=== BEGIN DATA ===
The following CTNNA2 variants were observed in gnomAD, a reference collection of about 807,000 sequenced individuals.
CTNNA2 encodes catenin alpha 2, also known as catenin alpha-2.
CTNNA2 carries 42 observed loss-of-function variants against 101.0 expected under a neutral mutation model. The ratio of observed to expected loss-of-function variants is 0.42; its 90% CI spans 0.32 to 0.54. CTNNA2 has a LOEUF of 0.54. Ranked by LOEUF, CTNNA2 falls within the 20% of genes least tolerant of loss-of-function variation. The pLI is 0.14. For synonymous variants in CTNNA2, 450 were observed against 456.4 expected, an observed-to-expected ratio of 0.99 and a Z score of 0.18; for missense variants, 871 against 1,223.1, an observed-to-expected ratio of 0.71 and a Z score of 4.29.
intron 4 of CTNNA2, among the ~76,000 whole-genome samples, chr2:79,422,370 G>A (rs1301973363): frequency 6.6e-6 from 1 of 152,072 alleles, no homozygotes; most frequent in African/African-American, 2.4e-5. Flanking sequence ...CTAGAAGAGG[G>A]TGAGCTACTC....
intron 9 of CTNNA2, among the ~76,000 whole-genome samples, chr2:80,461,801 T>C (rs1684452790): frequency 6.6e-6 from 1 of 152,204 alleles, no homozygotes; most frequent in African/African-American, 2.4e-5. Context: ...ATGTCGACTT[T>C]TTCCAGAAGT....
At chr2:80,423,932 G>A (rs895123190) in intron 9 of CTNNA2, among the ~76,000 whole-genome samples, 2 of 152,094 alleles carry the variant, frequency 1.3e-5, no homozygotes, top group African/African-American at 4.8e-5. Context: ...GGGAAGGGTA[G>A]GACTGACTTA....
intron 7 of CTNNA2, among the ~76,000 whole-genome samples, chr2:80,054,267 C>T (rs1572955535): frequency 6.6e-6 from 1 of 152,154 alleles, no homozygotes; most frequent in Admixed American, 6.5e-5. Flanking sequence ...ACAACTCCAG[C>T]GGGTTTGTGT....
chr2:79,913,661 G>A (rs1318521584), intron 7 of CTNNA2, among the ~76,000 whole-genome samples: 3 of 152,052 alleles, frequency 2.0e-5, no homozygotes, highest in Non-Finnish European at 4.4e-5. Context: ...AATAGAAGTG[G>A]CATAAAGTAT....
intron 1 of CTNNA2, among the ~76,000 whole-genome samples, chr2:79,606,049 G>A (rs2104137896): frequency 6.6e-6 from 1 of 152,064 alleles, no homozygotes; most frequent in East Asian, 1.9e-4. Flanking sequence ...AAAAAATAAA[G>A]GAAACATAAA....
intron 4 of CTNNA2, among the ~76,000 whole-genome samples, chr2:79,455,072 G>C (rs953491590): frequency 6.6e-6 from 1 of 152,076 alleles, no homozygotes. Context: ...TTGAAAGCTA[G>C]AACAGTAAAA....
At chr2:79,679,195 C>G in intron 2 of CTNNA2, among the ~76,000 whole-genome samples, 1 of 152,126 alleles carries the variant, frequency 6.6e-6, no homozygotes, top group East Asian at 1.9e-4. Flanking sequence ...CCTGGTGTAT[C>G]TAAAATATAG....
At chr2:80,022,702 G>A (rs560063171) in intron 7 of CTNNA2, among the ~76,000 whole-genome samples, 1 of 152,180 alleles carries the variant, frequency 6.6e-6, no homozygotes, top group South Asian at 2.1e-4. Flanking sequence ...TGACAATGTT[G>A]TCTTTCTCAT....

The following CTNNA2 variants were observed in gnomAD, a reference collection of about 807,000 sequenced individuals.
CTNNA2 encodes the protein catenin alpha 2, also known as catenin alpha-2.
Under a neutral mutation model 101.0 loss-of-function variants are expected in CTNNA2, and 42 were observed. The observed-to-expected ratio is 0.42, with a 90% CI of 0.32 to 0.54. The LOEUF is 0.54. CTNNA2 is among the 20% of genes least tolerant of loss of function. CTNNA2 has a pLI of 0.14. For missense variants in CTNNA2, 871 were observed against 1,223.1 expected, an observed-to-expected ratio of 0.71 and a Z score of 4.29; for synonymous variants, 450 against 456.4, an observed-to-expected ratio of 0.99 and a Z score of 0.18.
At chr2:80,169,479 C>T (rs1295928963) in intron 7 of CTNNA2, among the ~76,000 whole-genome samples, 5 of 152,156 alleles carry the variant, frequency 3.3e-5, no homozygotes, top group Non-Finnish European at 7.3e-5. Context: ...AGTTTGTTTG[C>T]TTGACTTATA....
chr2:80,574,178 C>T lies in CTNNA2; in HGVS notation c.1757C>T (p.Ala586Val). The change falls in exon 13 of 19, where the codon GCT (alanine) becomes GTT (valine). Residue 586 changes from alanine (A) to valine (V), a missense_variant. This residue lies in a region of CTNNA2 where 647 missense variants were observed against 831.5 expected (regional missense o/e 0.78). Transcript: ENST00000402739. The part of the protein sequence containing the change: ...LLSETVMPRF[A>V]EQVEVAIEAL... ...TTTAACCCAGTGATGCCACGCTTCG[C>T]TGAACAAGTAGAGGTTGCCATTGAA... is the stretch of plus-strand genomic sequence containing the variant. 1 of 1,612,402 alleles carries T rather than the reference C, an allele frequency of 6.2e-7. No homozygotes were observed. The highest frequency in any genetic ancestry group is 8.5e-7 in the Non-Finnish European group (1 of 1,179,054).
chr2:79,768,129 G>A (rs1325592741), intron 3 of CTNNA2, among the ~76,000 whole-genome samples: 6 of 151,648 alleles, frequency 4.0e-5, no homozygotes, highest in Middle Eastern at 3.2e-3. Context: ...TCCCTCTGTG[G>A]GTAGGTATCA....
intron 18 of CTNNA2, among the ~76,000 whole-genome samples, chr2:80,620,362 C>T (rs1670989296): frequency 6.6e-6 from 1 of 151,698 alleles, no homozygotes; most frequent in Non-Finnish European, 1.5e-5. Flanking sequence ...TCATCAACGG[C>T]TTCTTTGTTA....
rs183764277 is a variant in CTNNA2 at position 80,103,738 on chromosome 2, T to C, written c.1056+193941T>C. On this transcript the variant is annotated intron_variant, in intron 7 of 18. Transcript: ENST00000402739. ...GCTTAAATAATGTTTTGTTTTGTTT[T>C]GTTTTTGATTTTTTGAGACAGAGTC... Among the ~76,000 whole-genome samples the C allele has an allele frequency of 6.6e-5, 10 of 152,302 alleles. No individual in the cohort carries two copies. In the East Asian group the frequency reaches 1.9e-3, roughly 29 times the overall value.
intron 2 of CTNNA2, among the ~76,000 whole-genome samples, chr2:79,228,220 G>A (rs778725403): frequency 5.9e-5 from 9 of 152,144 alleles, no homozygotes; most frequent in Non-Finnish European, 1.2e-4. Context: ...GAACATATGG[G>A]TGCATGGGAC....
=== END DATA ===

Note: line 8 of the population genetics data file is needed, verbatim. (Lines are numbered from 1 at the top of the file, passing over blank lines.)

chr2:79,913,661 G>A (rs1318521584), intron 7 of CTNNA2, among the ~76,000 whole-genome samples: 3 of 152,052 alleles, frequency 2.0e-5, no homozygotes, highest in Non-Finnish European at 4.4e-5. Context: ...AATAGAAGTG[G>A]CATAAAGTAT....